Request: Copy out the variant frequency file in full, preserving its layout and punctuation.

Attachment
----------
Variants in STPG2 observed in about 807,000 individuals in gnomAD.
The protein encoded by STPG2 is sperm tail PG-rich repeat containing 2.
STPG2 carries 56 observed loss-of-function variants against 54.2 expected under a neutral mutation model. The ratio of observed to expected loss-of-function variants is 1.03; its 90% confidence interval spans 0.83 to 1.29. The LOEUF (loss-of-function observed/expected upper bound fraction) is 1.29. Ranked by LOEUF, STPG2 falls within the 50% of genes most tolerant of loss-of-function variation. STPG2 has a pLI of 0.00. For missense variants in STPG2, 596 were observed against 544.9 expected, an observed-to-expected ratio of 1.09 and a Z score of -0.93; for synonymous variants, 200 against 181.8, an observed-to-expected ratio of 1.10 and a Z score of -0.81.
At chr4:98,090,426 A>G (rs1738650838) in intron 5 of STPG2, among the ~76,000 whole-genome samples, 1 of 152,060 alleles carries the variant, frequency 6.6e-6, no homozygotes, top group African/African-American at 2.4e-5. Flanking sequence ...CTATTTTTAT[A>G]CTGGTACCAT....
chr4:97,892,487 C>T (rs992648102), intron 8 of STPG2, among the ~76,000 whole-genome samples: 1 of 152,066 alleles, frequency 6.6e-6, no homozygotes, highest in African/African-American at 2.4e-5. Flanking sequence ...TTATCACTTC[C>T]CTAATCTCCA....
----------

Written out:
Variants in STPG2 observed in about 807,000 individuals in gnomAD.
The protein encoded by STPG2 is sperm tail PG-rich repeat containing 2.
STPG2 carries 56 observed loss-of-function variants against 54.2 expected under a neutral mutation model. The ratio of observed to expected loss-of-function variants is 1.03; its 90% confidence interval spans 0.83 to 1.29. The LOEUF (loss-of-function observed/expected upper bound fraction) is 1.29. Ranked by LOEUF, STPG2 falls within the 50% of genes most tolerant of loss-of-function variation. STPG2 has a pLI of 0.00. For missense variants in STPG2, 596 were observed against 544.9 expected, an observed-to-expected ratio of 1.09 and a Z score of -0.93; for synonymous variants, 200 against 181.8, an observed-to-expected ratio of 1.10 and a Z score of -0.81.
At chr4:98,090,426 A>G (rs1738650838) in intron 5 of STPG2, among the ~76,000 whole-genome samples, 1 of 152,060 alleles carries the variant, frequency 6.6e-6, no homozygotes, top group African/African-American at 2.4e-5. Flanking sequence ...CTATTTTTAT[A>G]CTGGTACCAT....
chr4:97,892,487 C>T (rs992648102), intron 8 of STPG2, among the ~76,000 whole-genome samples: 1 of 152,066 alleles, frequency 6.6e-6, no homozygotes, highest in African/African-American at 2.4e-5. Flanking sequence ...TTATCACTTC[C>T]CTAATCTCCA....